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The title Baron Conyers was created in the Peerage of England on 17 October 1509 for William Conyers, the son-in-law of William Neville, 1st Earl of Kent. The abeyance after the death of the 3rd baron was terminated for the 7th Baron Darcy de Knayth, these baronies were held together until the abeyance of 1888, after which the abeyance of these two baronies were separately terminated. Since 1509, the Barons Conyers had held a part of the "right" to the barony Fauconberg, i.e. the part for which the abeyance was terminated in 1903; and since the termination of the abeyance of the barony Fauconberg, the two baronies, Conyers and Fauconberg, had been held together; and now they are abeyant between the two daughters of the 5th Earl of Yarborough. If the younger daughter dies first the abeyance will terminate automatically in favour of her elder sister. If the elder dies first the title will remain in abeyance between the younger sister (1/2 share) and the two daughters of the elder sister (1/4 share each). They in turn would gain a full 1/2 share each on the death of their aunt and transfer this to their children.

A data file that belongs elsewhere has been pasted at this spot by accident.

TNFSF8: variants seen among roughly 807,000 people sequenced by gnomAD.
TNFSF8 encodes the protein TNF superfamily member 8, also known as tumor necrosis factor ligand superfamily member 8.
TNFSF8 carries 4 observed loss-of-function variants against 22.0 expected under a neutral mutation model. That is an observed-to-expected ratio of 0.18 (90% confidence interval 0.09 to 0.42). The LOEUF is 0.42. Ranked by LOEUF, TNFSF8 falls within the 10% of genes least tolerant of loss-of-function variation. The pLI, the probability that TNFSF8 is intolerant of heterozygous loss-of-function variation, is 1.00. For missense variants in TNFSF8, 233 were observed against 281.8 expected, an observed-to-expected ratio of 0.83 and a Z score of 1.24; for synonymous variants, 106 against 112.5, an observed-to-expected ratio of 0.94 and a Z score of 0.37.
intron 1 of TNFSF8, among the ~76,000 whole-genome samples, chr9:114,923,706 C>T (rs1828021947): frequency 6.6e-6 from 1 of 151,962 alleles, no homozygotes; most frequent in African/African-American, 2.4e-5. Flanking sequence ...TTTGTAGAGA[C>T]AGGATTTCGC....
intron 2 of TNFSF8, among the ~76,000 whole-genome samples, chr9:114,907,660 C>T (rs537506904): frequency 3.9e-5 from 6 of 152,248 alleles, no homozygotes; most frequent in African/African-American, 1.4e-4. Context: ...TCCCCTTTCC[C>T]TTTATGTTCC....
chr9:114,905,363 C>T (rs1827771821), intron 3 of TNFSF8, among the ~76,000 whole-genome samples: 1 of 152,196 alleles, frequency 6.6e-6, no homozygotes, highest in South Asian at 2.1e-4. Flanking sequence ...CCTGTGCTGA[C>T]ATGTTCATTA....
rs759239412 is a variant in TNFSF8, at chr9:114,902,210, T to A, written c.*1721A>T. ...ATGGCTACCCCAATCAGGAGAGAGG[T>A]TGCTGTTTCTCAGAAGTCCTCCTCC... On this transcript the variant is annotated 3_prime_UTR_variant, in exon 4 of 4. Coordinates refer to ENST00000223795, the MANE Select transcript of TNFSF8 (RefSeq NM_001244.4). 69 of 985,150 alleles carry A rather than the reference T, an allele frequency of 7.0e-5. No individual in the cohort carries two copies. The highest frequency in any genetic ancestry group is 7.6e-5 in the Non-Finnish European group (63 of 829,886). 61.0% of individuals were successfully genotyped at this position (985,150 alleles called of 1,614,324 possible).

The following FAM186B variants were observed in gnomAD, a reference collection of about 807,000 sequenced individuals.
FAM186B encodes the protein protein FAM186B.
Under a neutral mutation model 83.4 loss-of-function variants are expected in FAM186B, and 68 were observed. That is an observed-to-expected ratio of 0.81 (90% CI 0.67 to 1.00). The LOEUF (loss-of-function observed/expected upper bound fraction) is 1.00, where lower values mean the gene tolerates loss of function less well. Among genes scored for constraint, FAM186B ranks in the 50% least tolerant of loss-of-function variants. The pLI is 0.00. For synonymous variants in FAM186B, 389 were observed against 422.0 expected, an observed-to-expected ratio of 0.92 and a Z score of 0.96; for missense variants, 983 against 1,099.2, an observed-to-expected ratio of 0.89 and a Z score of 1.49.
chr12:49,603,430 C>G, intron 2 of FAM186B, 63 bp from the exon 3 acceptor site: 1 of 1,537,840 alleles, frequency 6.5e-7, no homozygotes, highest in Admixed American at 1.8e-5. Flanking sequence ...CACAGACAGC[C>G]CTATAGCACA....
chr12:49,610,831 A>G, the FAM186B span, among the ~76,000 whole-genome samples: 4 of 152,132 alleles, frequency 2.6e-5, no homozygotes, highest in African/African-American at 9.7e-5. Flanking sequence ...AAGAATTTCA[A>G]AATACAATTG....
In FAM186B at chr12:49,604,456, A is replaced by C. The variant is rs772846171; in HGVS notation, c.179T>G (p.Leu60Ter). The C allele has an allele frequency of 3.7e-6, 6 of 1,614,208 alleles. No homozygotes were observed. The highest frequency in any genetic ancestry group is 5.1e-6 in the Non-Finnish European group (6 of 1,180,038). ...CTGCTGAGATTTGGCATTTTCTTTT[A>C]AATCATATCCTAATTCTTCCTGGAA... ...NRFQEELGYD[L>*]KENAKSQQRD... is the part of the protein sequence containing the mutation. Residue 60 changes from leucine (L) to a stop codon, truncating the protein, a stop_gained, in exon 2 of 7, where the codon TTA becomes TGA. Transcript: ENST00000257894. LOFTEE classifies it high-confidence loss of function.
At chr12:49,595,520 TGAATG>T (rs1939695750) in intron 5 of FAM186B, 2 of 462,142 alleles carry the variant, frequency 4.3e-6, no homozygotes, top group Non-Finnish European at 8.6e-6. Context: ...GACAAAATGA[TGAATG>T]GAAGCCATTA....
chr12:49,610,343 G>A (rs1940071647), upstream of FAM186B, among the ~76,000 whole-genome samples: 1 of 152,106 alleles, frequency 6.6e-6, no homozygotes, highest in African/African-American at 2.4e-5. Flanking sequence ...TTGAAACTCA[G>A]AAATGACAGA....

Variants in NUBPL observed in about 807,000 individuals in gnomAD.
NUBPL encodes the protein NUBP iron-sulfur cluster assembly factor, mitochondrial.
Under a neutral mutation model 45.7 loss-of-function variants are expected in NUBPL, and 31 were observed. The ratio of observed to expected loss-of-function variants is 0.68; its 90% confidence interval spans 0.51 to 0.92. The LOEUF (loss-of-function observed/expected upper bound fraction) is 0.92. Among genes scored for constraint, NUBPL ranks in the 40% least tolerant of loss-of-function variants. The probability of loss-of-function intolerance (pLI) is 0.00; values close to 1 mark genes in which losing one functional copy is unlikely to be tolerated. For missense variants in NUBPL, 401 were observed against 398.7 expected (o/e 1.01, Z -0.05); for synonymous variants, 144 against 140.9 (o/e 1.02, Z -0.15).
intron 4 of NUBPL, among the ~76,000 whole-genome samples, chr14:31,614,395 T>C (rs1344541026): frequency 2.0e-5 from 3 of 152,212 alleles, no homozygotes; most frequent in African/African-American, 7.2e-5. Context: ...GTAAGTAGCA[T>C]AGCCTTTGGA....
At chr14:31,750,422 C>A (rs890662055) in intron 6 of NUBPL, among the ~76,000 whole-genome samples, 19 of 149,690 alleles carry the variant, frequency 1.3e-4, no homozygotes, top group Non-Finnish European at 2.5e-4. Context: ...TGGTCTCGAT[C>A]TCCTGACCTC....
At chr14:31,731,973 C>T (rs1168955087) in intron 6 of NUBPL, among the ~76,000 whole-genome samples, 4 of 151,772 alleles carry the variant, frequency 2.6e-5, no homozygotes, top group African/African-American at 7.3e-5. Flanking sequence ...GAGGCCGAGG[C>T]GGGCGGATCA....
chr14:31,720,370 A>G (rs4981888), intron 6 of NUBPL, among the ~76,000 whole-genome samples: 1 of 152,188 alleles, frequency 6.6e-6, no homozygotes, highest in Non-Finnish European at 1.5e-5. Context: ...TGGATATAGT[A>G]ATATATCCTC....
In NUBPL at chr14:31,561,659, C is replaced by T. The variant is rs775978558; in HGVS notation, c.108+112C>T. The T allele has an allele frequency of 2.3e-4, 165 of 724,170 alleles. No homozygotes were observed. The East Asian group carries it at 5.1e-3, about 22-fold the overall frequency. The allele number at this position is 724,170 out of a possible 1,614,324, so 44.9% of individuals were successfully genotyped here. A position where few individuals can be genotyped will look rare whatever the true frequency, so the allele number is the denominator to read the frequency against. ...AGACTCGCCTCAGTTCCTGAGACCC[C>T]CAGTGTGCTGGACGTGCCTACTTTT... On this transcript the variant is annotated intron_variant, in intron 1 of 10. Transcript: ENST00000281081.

The baronies Conyers and Darcy de Knayth originated the courtesy title of the eldest son of the Earl of Holderness as Lord Darcy and Conyers.

Barons Conyers (1509)

Co-heiresses: Lady Diana Miller and Lady Wendy Lycett, daughters of the 14th Baron.

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